Conservation Growing in Los Osos Valley

Posted by on Mar 20, 2015 in Uncategorized | No Comments
Conservation Growing in Los Osos Valley

Everyone remembers 2014 as the year The Land Conservancy of San Luis Obispo County protected the Pismo Preserve.  But in all the hustle and bustle surrounding this large and very public project, a local organic farm nestled in the Los Osos Valley was conserved as well.  For The Land Conservancy, whether 10,000 acres or 200…each project the organization adopts has incredible value.  The organization chooses these conservation projects based on numerous factors including threats analysis, local planning data, and wildlife corridor linkages to name a few.

Los Osos Valley extends from the city of San Luis Obispo, west to the small community of Los Osos.  Over the past decade, numerous developments surrounding the city have converted local farms and ranches into shopping centers and residential communities.  These in many ways are the natural growing pains that occur as population increases.  Although land conversion is not new, it is something that can be strategically addressed in certain areas, such as Los Osos Valley, where prime farmland soils and steelhead streams grace the valley bottom.

In 2012, the 530-acre Highland Ranch was conserved using conservation easements.  In 2014, The Land Conservancy worked with Vintage Organics owner Lisen Bonnier to extend that conservation of Los Osos Valley to include her nearby farm where she produces organic flowers, vegetables, and seed.  Although her farm is modestly sized at 226 acres, the resource values protected are magnificent, with prime farmland, coast live oak woodlands, and serpentine rock being just a few.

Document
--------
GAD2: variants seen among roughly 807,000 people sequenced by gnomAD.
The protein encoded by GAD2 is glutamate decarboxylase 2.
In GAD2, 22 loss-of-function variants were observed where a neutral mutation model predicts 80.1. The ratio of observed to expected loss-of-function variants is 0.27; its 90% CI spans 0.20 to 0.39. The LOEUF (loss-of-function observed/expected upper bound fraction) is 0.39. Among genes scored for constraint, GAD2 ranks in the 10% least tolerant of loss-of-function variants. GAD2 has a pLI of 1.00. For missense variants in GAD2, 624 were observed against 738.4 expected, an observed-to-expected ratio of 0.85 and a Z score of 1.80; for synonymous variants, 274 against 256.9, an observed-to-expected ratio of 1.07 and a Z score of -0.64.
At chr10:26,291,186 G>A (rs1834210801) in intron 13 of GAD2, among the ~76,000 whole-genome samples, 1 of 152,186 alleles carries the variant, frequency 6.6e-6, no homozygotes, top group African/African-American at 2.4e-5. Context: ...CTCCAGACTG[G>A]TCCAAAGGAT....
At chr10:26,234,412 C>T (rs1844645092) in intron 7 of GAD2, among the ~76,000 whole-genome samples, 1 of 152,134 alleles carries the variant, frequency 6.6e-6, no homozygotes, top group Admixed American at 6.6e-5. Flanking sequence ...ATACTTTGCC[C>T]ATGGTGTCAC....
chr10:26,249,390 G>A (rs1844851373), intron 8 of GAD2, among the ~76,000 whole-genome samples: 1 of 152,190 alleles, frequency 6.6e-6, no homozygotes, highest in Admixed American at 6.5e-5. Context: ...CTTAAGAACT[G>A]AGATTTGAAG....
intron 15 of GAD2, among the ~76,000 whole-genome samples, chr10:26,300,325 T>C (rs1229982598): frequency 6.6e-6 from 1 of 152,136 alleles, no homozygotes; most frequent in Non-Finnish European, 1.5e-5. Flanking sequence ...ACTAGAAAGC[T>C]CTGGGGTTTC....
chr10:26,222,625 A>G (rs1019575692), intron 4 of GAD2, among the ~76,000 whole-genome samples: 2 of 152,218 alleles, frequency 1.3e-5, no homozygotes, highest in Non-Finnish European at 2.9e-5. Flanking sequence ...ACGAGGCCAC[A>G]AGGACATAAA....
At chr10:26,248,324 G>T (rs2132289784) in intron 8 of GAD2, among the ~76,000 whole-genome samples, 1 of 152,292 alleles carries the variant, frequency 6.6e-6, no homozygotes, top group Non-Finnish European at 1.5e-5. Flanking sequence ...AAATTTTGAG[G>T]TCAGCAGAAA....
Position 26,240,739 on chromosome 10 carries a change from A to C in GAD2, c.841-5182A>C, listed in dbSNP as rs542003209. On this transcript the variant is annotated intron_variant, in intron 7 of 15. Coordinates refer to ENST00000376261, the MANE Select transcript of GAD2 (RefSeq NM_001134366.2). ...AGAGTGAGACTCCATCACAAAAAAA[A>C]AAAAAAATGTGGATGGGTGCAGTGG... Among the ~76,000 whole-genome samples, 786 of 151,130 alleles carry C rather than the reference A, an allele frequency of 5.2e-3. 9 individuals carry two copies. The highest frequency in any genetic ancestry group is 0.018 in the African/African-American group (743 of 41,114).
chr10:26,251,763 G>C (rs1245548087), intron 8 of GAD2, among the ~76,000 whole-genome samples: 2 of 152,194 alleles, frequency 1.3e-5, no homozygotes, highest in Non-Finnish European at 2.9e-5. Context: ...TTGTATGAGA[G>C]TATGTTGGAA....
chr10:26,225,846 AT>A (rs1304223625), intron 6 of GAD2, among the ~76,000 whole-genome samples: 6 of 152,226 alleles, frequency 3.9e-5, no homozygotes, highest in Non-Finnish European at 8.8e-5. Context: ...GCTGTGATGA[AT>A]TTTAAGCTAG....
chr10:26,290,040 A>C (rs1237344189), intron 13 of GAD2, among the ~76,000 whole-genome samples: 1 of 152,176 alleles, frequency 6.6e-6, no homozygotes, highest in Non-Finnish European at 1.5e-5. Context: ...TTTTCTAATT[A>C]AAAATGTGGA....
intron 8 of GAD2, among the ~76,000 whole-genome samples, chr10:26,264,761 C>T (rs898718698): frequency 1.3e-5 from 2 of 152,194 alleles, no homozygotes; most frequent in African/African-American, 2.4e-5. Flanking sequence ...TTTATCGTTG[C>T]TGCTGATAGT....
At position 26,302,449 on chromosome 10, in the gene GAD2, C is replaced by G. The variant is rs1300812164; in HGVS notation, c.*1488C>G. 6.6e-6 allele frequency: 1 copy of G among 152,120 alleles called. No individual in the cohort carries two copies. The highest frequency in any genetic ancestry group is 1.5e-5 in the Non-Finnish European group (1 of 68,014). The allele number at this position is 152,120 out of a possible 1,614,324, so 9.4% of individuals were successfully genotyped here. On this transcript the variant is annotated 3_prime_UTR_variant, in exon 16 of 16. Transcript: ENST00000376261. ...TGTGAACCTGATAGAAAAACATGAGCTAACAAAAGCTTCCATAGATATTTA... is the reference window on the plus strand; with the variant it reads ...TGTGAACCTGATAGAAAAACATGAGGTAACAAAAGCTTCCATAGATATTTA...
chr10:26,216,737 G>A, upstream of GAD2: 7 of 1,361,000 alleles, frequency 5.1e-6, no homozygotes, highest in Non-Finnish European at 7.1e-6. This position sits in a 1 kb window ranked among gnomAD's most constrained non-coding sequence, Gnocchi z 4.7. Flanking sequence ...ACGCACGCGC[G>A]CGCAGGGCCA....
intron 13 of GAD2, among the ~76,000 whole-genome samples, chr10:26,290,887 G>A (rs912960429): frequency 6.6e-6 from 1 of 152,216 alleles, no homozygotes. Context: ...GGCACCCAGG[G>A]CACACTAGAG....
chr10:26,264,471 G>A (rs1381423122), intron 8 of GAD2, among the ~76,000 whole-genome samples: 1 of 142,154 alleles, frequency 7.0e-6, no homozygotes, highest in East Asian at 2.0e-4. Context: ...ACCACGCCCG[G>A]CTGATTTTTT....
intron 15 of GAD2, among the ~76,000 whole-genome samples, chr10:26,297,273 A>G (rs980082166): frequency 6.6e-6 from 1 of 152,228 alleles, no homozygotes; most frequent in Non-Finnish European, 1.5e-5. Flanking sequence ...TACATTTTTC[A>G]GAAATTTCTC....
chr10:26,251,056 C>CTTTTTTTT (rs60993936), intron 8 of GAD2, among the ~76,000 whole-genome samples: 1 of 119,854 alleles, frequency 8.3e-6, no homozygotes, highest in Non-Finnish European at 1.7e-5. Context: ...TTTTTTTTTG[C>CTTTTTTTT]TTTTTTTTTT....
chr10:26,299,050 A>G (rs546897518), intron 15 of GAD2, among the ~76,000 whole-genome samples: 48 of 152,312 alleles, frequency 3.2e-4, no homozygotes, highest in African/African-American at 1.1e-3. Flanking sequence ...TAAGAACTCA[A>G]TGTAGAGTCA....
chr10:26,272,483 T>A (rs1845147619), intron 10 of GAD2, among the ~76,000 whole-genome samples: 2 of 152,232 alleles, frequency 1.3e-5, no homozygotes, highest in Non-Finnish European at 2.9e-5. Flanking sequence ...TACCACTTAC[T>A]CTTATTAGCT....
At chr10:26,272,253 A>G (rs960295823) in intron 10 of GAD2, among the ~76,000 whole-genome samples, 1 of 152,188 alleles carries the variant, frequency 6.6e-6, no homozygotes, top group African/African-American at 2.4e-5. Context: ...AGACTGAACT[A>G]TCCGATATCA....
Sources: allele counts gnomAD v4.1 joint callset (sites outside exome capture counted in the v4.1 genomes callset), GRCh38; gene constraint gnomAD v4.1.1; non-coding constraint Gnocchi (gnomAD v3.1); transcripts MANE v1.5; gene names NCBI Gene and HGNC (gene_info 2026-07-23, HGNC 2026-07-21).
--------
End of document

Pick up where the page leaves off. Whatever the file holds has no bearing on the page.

The project was made possible through the Department of Defense’s Army Compatible Use Buffer (ACUB) program.  Locally, this program is implemented through the partnership between The Land Conservancy and Camp San Luis Obispo.  The program strives to protect the installation’s services and training needs through voluntary conservation easements, which limit development near the base.  The program is a win-win for the military and local land conservation.  To date, both of the Department of Defense’s land conservation programs, the Readiness and Environmental Protection Integration (REPI) and ACUB, have conserved over 1,100 acres surrounding San Luis Obispo, with additional funding possible for future projects.